Fibromyalgia

 

Fibromyalgia: A disease characterized by chronic pain, stiffness, and tenderness of muscles, tendons, and joints, without detectable inflammation. Fibromyalgia does not cause body damage or deformity. However, undue fatigue plagues 90 percent of patients with fibromyalgia. Sleep disorder is also common in patients with the disease, and it can be associated with other rheumatic conditions, and irritable bowel syndrome (IBS) can occur. There is no definitive medical test for the diagnosis of fibromyalgia, so diagnosis is made by eliminating other possible causes of the symptoms. The most effective treatment is a combination of education, stress reduction, exercise, and medication. Formerly known as fibrositis.



 

What are the symptoms of fibromyalgia?

In addition to pain, people with fibromyalgia could also have:

  • Cognitive and memory problems (sometimes called “fibro fog”)
  • Trouble sleeping
  • Morning stiffness
  • Headaches
  • Irritable bowel syndrome
  • Painful menstrual periods
  • Numbness or tingling of hands and feet
  • Restless legs syndrome
  • Temperature sensitivity
  • Sensitivity to loud noises or bright lights

How common is fibromyalgia? Who is mainly affected?

Fibromyalgia affects as many as 5 million Americans ages 18 and older. Most people with fibromyalgia are women (about 80 – 90 percent). However, men and children also can have the disorder. Most people are diagnosed during middle age.

Fibromyalgia can occur by itself, but people with certain other diseases, such as rheumatoid arthritis, lupus, and other types of arthritis, may be more likely to have it. Individuals who have a close relative with fibromyalgia are more likely to develop it themselves.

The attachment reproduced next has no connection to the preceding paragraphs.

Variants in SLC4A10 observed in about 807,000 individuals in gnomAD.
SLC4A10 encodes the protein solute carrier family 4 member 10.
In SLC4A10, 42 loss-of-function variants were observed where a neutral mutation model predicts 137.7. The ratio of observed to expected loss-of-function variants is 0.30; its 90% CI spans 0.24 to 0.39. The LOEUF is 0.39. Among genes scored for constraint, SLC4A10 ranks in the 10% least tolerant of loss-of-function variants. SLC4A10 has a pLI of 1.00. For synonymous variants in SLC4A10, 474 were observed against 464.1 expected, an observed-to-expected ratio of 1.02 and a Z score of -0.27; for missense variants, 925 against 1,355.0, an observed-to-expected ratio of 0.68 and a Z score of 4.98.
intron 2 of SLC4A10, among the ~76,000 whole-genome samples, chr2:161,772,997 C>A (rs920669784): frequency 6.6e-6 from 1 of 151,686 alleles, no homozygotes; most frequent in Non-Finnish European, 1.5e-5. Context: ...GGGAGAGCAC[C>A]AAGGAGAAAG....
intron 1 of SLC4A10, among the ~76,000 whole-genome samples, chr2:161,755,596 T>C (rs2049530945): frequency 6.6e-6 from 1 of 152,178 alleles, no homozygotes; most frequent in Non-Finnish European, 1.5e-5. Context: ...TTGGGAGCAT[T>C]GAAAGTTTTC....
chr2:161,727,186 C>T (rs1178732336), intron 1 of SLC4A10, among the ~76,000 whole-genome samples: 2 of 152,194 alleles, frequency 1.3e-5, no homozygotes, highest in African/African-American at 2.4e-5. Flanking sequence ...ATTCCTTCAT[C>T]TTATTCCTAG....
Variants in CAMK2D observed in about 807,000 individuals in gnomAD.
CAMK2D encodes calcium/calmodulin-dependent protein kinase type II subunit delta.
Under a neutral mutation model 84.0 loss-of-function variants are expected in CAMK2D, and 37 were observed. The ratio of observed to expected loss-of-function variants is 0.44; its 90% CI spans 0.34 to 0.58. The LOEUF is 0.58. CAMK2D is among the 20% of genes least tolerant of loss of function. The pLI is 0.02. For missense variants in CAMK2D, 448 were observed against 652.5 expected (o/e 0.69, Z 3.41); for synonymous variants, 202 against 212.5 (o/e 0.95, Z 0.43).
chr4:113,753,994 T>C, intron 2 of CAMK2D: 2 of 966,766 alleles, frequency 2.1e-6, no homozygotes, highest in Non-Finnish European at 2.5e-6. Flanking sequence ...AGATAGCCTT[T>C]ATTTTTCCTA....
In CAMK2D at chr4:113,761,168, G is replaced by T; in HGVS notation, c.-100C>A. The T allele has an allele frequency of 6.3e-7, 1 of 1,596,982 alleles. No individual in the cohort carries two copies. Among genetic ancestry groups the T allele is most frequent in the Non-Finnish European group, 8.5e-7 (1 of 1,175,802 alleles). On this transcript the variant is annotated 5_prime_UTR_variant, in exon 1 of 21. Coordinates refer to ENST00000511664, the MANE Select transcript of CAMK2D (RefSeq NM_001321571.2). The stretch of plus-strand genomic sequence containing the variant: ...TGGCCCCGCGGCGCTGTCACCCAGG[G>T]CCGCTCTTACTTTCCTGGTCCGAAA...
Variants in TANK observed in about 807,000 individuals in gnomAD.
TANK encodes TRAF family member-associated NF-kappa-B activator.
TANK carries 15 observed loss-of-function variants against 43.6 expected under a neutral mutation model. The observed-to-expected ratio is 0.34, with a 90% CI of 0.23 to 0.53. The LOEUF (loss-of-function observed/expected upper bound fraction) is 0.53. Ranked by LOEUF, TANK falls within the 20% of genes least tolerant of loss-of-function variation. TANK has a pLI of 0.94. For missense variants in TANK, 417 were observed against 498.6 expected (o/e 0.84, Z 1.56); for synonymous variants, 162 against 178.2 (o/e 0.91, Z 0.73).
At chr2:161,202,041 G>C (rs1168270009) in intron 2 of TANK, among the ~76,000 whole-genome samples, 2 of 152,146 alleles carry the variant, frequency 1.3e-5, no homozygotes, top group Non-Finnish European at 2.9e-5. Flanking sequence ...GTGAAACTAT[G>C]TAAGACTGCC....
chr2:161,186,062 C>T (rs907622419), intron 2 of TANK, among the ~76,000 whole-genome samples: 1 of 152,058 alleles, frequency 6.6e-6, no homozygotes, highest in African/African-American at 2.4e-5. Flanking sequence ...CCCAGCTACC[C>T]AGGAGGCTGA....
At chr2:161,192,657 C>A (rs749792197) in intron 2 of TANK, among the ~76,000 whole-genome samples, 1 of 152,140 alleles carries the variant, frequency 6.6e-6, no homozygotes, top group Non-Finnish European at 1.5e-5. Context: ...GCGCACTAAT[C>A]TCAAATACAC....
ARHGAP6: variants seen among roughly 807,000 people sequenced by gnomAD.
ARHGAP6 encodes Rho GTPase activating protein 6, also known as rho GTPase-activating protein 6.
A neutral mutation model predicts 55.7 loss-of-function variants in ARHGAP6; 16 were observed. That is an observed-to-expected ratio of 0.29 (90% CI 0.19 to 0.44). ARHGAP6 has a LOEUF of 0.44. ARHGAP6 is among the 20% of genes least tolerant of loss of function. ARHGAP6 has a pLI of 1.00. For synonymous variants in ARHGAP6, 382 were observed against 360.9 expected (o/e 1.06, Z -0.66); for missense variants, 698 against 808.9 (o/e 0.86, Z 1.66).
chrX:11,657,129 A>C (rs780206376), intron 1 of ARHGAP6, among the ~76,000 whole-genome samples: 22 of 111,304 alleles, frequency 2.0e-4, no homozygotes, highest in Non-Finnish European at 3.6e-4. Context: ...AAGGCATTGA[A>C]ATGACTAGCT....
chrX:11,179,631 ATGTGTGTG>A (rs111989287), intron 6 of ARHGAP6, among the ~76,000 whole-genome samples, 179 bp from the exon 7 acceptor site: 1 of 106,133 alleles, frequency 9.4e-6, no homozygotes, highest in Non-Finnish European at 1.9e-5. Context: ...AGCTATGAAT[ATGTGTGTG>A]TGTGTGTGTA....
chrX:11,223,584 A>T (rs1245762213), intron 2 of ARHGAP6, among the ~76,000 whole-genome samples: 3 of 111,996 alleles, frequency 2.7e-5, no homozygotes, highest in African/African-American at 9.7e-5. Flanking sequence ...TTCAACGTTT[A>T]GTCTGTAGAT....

How is fibromyalgia diagnosed?

People with fibromyalgia often see many doctors before being diagnosed. One reason for this may be that pain and fatigue, the main symptoms of the disease, also are symptoms of many other conditions. Therefore, doctors often must rule out other possible causes of these symptoms before diagnosing fibromyalgia. It cannot be found by a lab test.

  1. A history of widespread pain lasting more than 3 months. Pain must be present in both the right and left sides of the body as well as above and below the waist.
  2. Presence of tender points. The body has 18 sites that are possible tender points. For a fibromyalgia diagnosis a person must have 11 or more tender points. For a point to be “tender,” the patient must feel pain when pressure is put on the site. People who have fibromyalgia may feel pain at other sites, too, but those 18 sites on the body are used for diagnosis.

What Causes Fibromyalgia

The causes of fibromyalgia are not known. Researchers think a number of factors might be involved. The disease can occur on its own, but has also been linked to:

  • Having a family history of fibromyalgia
  • Being exposed to stressful or traumatic events such as:Car accidents
    • Injuries to the body cause by performing the same action over and over again (called “repetitive injuries) Infections of illnesses
    • Being sent to war